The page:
History of Restaurant Oiva told by Kari Kinos and Kirsti Koivulaakso..
Oiva's story began in 1934, with its establishment in Porthaninkatu street, in a wooden building above the current location. This restaurant was later referred to as Puu-Oiva (Wood Oiva).
Oiva was founded by Mr J.A. Koivulaakso, who had previously run a canteen in Sörnäinen.
Oiva moved to its current location in 1941, when a new stone building was completed on the corner of Porthaninkatu and Kolmas linja. The premises were actually designed as a restaurant, unlike Restaurant Klaava opposite, which was designed as a car dealership.
Mr Koivulaakso suffered a fatal heart attack while at work in 1955.
Koivulaakso's widow sold Oiva to Sakari Ruotsalainen and his wife, who had previously worked for Oiva.
In the mid-1960s, Oiva was bought by Hilden bakeries.
Until then, Oiva had had a 'wine licence', not being allowed to sell
anything stronger. In 1967, it changed its name to Bistro. Soon after that it
was granted a licence to sell stronger drinks. Bistro's business idea was
to provide both meals and entertainment, including dancing. Bistro's
speciality was its meat buffet, offering unlimited meat dishes for a set price. The meats were carved by restaurant manager Hjördis Sundvall, who was very much liked by his customers. He also seemed to work at all times, from
morning to evening. Dances were held on Wednesdays and Saturdays, and customers were treated to live music at other times, too. Popular pianists included Asser Fagerström and an old lady known simply as Teppana. Dance music was usually provided by the Fagerström trio.
10 August 1971 was an important day for Finnish sports and the Bistro
restaurant. The European Championships in athletics were opened at the Olympic Stadium, and Juha Väätäinen won the 10,000 metre race on the same day. This was also the day when the Bistro bar was opened in Kallio, in premises where the Karjakunta butcher's shop had previously stood. And they definitely needed the extra space, because the restaurant was becoming more and more popular, with people queueing into the street during weekends. When Heikki Hildeni died in 1974, Bistro was first transferred to Fazer Oy's subsidiary Cofa, and soon after to a joint company called GO INN, owned by Fazer and the Swiss company Nestle. Business continued on this basis until 1977, when the staff were informed that Bistro would be renovated and the business idea changed, with food no longer served at the table, and the dishes would mainly be pizzas and
lunch items. The customers did not like this and started up a campaign to
retain the old system. The newspaper Iltasanomat covered the matter, asking customers give their opinion. But the protests were to no avail, and the renovation began. The renovation started on the last Monday of April in 1977, but the restaurant had already been closed on the previous Friday due to a strike by the union of hotel and restaurant workers. The strike continued until the last week of May, but the Bistro renovation was not completed until 7 July. The new restaurant was an instant success. The old regular customers forgot their protests, perhaps visiting the restaurant even more frequently. There were also many new customers, not least because the prices were considerably lower thanks to self-service. The new Bistro was very different from the old one: the dining area faced an open kitchen with a brick pizza oven. The pizzas were so popular that people would buy take-aways to take home or to various events around Helsinki. An island was built in the middle of the dining area, where customers assembled their drinks and lunches. The Bistro lunch was the most popular in Kallio, with customers queuing from the till to the front door. The Bistro bar was converted into a pub, and darts were introduced. The customers founded a darts club, Galliolaiset, with a logo in which Obelix carried a dart, instead of a menhir, on his shoulder. Galliolaiset did very well to begin with, but the club eventually lost members and fell into decline. The darts tradition has been carried on in Oiva by the Sörkan Tikka darts club.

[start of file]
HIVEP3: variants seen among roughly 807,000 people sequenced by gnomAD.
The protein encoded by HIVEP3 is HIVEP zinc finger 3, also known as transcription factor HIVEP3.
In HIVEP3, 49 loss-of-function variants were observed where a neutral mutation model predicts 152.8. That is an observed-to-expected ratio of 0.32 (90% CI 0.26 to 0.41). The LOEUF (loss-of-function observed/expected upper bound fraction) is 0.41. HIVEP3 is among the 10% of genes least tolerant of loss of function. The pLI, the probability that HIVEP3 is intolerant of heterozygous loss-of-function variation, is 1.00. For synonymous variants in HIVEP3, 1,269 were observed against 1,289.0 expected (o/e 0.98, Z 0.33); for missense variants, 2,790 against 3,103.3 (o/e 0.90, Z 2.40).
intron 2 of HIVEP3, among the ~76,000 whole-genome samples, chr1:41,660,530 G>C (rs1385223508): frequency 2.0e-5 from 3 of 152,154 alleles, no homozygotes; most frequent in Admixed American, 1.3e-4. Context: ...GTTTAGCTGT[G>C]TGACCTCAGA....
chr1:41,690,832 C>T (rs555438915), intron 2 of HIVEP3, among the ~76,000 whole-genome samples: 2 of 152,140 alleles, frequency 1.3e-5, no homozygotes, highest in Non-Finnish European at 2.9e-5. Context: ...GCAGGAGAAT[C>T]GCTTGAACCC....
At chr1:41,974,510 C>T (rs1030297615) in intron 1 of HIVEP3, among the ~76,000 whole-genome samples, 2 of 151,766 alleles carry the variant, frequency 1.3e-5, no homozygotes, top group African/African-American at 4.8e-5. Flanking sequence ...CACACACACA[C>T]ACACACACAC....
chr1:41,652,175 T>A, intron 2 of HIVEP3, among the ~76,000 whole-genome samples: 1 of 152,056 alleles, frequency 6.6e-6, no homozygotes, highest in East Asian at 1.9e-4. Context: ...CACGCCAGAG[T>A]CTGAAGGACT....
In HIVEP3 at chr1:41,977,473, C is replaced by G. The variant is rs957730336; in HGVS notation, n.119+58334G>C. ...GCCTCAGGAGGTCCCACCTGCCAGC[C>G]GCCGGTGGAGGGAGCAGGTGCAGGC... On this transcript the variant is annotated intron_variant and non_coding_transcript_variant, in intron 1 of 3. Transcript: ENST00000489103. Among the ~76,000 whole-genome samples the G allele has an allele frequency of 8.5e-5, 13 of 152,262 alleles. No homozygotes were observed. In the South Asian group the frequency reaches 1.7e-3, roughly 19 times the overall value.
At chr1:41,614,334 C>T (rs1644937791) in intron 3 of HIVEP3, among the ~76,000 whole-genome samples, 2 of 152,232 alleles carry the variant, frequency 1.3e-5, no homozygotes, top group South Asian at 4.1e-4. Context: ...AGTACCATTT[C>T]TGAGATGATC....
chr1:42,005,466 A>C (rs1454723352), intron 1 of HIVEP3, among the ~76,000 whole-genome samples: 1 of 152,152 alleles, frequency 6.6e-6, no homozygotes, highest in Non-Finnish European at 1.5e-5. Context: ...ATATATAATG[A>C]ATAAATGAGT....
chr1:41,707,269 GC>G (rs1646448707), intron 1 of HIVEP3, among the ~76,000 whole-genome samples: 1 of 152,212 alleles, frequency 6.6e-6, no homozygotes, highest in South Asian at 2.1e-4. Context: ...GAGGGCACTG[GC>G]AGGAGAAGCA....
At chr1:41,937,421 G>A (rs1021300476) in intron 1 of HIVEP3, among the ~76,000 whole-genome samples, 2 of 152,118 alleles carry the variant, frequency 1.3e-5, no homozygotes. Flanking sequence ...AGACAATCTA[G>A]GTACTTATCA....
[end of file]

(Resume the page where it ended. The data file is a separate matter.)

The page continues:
The period after the renovation became the golden era of Bistro. It was genuinely one of the most popular restaurants in Helsinki. There were plenty of customers from morning until late at night, especially after ownership was transferred to Kantaravintolat. The daily opening hours were from 9 am to 1 am. But Bistro was not just a sitting room for people in Kallio, customers poured in from other parts of Helsinki too. Customers poured in from eastern Helsinki, especially after the underground line was completed. Customers came from a wide social spectrum. By the 1970s, the place was frequented by rich businessmen, university professors, actors and athletes, but the regulars nevertheless consisted of ordinary workers and students. The golden era lasted until the economic slump of the 1990s. Combined with the much easier availability of licences to serve alcohol, the slump dealt a major blow to the restaurant.
The restaurant went through a major transformation and changed its name back to Oiva. It also became more popular as new customers discovered Oiva. In 2011, Oiva was bought by restaurant manager Johanna Rönkkö and her spouse. In 2012, Oiva began serving genuine Finnish food again. Its weekday lunches and Sunday brunch are among the most popular in Hakaniemi, Kallio and indeed the entire city. Karaoke has been sung since 1991. Oiva has returned to its roots.